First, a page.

Patch Google Chrome Right Away to Address This Critical Security Issue

Patch Google Chrome Right Away to Address This Critical Security Issue. Chrome has been patched by Google for a critical zero-day flaw (CVE-2022-4135) that was discovered in the wild. The search engine giant warned that users are in danger since an exploit for the flaw, discovered by French security researcher Clement Lecigne, is already in the wild.

Google has stated that until “a majority of users are updated with a fix,” and “will also keep restrictions if the flaw resides in a third-party library that other projects similarly depend on, but have not yet fixed,” it will not be disclosing many details about the nature of the vulnerability.

Patch Google Chrome now to fix Critical Issue
Patch Google Chrome now to fix Critical Issue

In this case, Google was able to reveal that the vulnerability was a heap buffer overflow, a specific type of buffer overflow in which the overwriteable buffer resides in the “heap” of system memory. A further disclosure could “tip off” malicious actors about the vulnerability before the vast majority of Google Chrome users have installed the fix.

Users who do not wish to be affected by this issue should install the upcoming 107.0.5304.121 update for Mac and Linux, as well as the 107.0.5304.121/.122 upgrade for Windows, which will become available over the next few days and weeks.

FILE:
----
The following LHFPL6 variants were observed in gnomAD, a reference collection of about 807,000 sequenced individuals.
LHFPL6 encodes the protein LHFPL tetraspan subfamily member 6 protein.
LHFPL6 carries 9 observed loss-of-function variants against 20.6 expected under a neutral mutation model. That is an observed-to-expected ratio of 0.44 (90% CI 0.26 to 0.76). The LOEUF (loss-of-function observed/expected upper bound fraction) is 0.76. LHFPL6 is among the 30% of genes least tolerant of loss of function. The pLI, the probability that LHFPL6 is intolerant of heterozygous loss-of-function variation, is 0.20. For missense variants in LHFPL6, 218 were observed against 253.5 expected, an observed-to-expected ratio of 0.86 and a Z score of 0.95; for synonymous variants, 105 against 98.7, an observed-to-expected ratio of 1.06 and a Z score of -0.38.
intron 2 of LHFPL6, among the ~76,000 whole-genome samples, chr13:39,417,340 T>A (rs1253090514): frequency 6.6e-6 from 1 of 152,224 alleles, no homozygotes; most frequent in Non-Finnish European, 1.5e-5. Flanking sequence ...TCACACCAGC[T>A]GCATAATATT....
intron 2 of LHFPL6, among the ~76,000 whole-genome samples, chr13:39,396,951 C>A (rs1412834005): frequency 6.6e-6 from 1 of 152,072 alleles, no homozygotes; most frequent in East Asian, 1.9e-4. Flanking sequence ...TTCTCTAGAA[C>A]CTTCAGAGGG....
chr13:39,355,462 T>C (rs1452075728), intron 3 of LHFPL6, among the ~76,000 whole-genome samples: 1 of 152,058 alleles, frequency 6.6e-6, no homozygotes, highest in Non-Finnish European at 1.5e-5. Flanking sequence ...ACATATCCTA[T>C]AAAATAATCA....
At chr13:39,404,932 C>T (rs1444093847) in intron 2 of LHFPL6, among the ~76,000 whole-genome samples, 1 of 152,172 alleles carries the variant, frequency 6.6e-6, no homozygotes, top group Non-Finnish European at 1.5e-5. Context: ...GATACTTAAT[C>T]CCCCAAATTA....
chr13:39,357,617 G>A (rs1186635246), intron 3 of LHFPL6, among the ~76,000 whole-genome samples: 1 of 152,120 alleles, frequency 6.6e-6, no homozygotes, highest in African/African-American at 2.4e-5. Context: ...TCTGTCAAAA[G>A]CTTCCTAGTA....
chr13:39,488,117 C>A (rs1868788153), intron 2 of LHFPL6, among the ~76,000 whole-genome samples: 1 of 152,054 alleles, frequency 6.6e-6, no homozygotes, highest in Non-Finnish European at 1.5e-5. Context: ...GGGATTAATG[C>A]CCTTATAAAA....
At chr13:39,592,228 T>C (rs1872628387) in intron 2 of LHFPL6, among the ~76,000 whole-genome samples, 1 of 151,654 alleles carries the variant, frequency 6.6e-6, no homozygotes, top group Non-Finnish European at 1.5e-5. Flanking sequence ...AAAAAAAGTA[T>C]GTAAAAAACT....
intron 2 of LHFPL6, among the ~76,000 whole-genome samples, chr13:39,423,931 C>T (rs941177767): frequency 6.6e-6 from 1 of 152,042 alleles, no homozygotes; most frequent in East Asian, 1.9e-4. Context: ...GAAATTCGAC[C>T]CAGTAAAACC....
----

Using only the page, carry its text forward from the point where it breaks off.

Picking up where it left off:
The Chrome browser, which is Google’s most popular, has had a steady stream of security holes discovered in recent years. According to StatCounter, the browser now has a 66.7% market share and had 303 vulnerabilities discovered between January 1, 2022, and October 5, 2022.

While Microsoft and Mozilla Firefox both had 103 and 117 vulnerabilities disclosed during the same time period, Safari only had 26 vulnerabilities disclosed. One such hole is the “Type Confusion bug” in Chrome’s V8 JavaScript engine, discovered this month as zero-day vulnerability CVE-2022-3723.

According to a report by cybersecurity firm Avertium, the flaw might have been exploited to trick Chrome into downloading and launching malicious spyware.

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